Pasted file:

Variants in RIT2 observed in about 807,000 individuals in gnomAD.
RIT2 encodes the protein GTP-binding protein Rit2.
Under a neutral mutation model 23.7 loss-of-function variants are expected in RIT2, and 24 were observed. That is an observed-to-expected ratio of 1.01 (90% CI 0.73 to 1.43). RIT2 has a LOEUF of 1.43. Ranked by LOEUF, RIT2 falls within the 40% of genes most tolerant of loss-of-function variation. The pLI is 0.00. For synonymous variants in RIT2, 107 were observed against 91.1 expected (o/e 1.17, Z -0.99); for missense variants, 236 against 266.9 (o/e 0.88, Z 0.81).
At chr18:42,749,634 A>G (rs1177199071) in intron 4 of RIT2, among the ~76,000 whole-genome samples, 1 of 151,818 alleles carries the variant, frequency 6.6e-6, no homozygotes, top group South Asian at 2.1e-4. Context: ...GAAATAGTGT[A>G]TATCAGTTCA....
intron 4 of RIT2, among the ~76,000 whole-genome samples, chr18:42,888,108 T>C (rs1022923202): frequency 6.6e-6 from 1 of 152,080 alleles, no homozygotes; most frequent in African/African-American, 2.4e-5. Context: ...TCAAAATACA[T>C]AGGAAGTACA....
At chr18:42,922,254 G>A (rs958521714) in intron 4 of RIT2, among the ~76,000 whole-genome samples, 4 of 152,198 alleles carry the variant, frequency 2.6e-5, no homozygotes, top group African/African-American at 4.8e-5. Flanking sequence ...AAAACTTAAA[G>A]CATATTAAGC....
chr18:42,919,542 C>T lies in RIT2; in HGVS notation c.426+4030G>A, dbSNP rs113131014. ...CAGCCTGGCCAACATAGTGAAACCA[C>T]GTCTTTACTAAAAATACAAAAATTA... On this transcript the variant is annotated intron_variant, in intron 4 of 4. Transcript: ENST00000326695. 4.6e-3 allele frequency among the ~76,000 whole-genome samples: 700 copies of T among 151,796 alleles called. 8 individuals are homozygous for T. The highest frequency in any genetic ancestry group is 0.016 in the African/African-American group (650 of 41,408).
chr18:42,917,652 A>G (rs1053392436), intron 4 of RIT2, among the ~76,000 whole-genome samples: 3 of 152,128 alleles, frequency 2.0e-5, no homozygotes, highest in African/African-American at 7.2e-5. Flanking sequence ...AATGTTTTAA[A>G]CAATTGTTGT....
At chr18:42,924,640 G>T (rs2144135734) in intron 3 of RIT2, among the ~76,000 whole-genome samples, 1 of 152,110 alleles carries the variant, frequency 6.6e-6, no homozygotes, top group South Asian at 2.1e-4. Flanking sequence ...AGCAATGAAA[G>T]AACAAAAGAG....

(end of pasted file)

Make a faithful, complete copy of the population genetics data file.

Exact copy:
Variants in RIT2 observed in about 807,000 individuals in gnomAD.
RIT2 encodes the protein GTP-binding protein Rit2.
Under a neutral mutation model 23.7 loss-of-function variants are expected in RIT2, and 24 were observed. That is an observed-to-expected ratio of 1.01 (90% CI 0.73 to 1.43). RIT2 has a LOEUF of 1.43. Ranked by LOEUF, RIT2 falls within the 40% of genes most tolerant of loss-of-function variation. The pLI is 0.00. For synonymous variants in RIT2, 107 were observed against 91.1 expected (o/e 1.17, Z -0.99); for missense variants, 236 against 266.9 (o/e 0.88, Z 0.81).
At chr18:42,749,634 A>G (rs1177199071) in intron 4 of RIT2, among the ~76,000 whole-genome samples, 1 of 151,818 alleles carries the variant, frequency 6.6e-6, no homozygotes, top group South Asian at 2.1e-4. Context: ...GAAATAGTGT[A>G]TATCAGTTCA....
intron 4 of RIT2, among the ~76,000 whole-genome samples, chr18:42,888,108 T>C (rs1022923202): frequency 6.6e-6 from 1 of 152,080 alleles, no homozygotes; most frequent in African/African-American, 2.4e-5. Context: ...TCAAAATACA[T>C]AGGAAGTACA....
At chr18:42,922,254 G>A (rs958521714) in intron 4 of RIT2, among the ~76,000 whole-genome samples, 4 of 152,198 alleles carry the variant, frequency 2.6e-5, no homozygotes, top group African/African-American at 4.8e-5. Flanking sequence ...AAAACTTAAA[G>A]CATATTAAGC....
chr18:42,919,542 C>T lies in RIT2; in HGVS notation c.426+4030G>A, dbSNP rs113131014. ...CAGCCTGGCCAACATAGTGAAACCA[C>T]GTCTTTACTAAAAATACAAAAATTA... On this transcript the variant is annotated intron_variant, in intron 4 of 4. Transcript: ENST00000326695. 4.6e-3 allele frequency among the ~76,000 whole-genome samples: 700 copies of T among 151,796 alleles called. 8 individuals are homozygous for T. The highest frequency in any genetic ancestry group is 0.016 in the African/African-American group (650 of 41,408).
chr18:42,917,652 A>G (rs1053392436), intron 4 of RIT2, among the ~76,000 whole-genome samples: 3 of 152,128 alleles, frequency 2.0e-5, no homozygotes, highest in African/African-American at 7.2e-5. Flanking sequence ...AATGTTTTAA[A>G]CAATTGTTGT....
At chr18:42,924,640 G>T (rs2144135734) in intron 3 of RIT2, among the ~76,000 whole-genome samples, 1 of 152,110 alleles carries the variant, frequency 6.6e-6, no homozygotes, top group South Asian at 2.1e-4. Flanking sequence ...AGCAATGAAA[G>T]AACAAAAGAG....